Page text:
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Consumer Behavior Keeps Shifting Due to COVID-19 Pandemic – Part 1

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Consumer Behavior Keeps Shifting Due to COVID-19 Pandemic – Part 1 - ©iStockphoto.com/kupicoo

A couple of weeks ago, we looked at how the COVID-19 pandemic is impacting consumer behavior, specifically shopping habits. We discussed the differences in attitudes across age groups and genders. In this two-part series, we’ll look into the latest data on how consumer behavior is continuously changing, especially in countries that are still under stay-at-home or shelter in place orders.

New habits are being formed

Given the current global situation, it’s not surprising that there’s an increase in e-commerce orders. The spike since early March in the US and Canada has been significant—with online orders going up by 80% and buyers converting 8.8% more than the same period last year1. However, this isn’t unique to North America. Europeans are also placing more online orders, with pure-play e-commerce brands seeing an average increase of 40% to 80% year-on-year growth2.

To illustrate, take a look at Emarsys and Good Data’s interactive map tracking how Covid-19 is affecting consumer expenditure across the globe2:

Year-over-year growth rate of online transactions from ccinsight.org * Year-Over-Year Growth Rate of Online Transactions


Furthermore, recent research indicates that the drastic increase in e-commerce sales may not only be attributed to the shift from offline to online in shopping. For example, there are consumers that have supplementary income or more time in their hands who are picking up new activities or hobbies to keep busy at home. This could become a growing factor contributing to the growth of online sales in the coming months3. If so, it could mean that new and lasting habits outside of shopping are being adopted by consumers due to the restrictions in place. This could be a positive development for some brands as this development may indicate a new or expanded consumer base – one that they will have to engage with if they want to transition them into long-term customers.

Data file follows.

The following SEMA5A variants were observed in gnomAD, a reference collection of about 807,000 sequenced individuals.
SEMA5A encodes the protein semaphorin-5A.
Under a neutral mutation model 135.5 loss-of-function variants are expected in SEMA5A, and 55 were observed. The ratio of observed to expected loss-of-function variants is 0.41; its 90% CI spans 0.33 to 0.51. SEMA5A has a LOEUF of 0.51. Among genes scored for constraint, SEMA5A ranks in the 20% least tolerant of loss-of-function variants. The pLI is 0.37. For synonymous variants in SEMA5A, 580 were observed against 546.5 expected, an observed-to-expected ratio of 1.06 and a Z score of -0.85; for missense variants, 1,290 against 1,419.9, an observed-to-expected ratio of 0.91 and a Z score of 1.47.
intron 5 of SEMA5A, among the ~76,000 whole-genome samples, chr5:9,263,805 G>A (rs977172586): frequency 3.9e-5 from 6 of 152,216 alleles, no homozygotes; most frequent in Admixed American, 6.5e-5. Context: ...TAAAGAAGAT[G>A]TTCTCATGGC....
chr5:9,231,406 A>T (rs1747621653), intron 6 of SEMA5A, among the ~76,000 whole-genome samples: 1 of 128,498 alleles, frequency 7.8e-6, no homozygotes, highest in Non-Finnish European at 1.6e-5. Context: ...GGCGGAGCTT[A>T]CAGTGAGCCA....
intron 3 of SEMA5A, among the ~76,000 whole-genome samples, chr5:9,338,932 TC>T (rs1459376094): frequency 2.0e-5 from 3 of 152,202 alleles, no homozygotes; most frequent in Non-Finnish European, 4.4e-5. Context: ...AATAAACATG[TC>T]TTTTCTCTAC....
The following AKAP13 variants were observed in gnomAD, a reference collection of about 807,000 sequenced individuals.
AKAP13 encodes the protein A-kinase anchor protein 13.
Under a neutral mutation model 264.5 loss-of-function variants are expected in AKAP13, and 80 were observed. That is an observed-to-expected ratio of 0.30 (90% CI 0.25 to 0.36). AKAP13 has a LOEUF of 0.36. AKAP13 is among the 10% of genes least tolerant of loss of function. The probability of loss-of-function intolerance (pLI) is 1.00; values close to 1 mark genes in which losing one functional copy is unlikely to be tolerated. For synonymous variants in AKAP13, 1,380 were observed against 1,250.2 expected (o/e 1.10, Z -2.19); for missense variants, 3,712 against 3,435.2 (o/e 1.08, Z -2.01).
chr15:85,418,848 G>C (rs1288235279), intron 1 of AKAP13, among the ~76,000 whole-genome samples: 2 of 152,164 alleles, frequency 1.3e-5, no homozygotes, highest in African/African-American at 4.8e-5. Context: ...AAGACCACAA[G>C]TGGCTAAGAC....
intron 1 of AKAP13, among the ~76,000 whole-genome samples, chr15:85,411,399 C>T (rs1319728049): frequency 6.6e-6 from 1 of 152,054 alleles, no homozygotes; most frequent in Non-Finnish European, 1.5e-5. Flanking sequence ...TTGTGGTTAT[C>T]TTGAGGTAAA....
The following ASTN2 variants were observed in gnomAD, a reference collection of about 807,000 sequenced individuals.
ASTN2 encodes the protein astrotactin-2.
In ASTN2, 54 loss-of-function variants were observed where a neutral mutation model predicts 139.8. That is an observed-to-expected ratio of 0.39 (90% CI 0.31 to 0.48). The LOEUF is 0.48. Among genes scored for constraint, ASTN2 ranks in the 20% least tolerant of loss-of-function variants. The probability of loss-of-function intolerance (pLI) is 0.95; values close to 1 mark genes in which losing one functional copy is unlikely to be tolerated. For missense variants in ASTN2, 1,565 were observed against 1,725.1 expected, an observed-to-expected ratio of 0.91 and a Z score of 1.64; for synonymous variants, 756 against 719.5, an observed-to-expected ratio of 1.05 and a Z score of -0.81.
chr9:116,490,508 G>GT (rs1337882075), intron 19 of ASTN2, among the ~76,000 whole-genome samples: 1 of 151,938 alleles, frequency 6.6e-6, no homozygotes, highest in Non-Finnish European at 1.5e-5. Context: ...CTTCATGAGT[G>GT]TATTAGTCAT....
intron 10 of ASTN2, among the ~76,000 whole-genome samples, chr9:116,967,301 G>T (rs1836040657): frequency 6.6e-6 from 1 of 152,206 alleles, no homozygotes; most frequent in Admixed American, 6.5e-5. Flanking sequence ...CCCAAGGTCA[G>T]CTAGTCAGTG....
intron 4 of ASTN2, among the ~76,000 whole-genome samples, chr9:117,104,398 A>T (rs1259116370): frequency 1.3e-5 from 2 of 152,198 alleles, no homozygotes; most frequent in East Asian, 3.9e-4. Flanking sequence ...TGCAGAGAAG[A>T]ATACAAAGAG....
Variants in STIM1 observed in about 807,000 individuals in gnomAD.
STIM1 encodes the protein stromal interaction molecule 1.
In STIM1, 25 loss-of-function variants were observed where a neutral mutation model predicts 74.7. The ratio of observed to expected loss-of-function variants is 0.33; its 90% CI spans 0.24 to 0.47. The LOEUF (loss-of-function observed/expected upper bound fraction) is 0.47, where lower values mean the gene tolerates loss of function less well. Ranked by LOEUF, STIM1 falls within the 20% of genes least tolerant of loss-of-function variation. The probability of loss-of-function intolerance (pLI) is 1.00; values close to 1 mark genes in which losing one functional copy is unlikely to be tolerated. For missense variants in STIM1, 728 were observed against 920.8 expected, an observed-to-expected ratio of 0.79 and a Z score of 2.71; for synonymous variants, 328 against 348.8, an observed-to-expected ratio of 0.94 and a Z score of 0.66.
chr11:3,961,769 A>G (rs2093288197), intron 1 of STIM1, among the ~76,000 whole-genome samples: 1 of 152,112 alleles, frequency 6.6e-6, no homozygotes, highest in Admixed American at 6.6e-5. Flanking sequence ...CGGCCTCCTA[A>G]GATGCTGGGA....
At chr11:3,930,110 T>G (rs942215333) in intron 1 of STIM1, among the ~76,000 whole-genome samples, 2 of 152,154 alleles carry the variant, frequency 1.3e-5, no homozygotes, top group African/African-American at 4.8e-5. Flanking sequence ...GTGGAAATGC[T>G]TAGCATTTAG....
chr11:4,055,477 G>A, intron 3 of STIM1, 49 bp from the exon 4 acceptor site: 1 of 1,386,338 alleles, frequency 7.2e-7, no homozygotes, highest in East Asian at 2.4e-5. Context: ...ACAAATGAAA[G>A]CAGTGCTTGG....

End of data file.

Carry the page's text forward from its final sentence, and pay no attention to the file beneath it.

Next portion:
Contrasts across age groups

Our previous piece examined how different age groups have reacted to the pandemic, and found a stark contrast between them. However, more recent surveys show that ongoing restrictions are blurring the lines between age groups in some areas, such as how respondents are being financially affected by the pandemic4:

  • 24% from the age group 30 to 44 years old
  • 28% from the age group 45 to 64 years old
  • 21% from 65 and older

That said, millennials continue to be the most cautious and concerned group when it comes to financial matters, with an Elon University4 survey finding that worries over “personal financial situation” still vary per age group:

  • 80% from the age group 25 to 44 years old
  • 78% from the age group 18 to 24 years old
  • 74% from the age group 45 to 64 years old
  • 62% of those 65 and older
Another poll found that 59% of millennials have taken or planned to take steps to save cash due to the pandemic’s effects on the economy.

We must remember that most of this research was gathered in mid-March in the US. This  period marked the beginning of the restrictive living phase across the country, and therefore, attitudes regarding financial stability and overall concerns about COVID-19 may have changed in the weeks after. However, it is important for businesses to follow these trends, as they will provide glimpses into the concerns and emerging needs of every age group after the social distancing restrictions end.

That’s it for part one! In part two we’ll look into other trends, including how e-commerce is being affected in countries that have started to ease their lockdown policies.


  1. https://ccinsight.org/observations/online-orders-up-80-in-north-america-since-january-how-are-consumers-changing-habits/ 
  2. https://ccinsight.org  
  3. https://ccinsight.org/observations/lockdowns-continuing-to-produce-growth-for-pure-e-commerce-brands-in-europe/ 
  4. https://content-na1.emarketer.com/varying-attitudes-among-age-groups-towards-coronavirus-show-that-marketers-need-to-look-past-anecdotal-stereotypes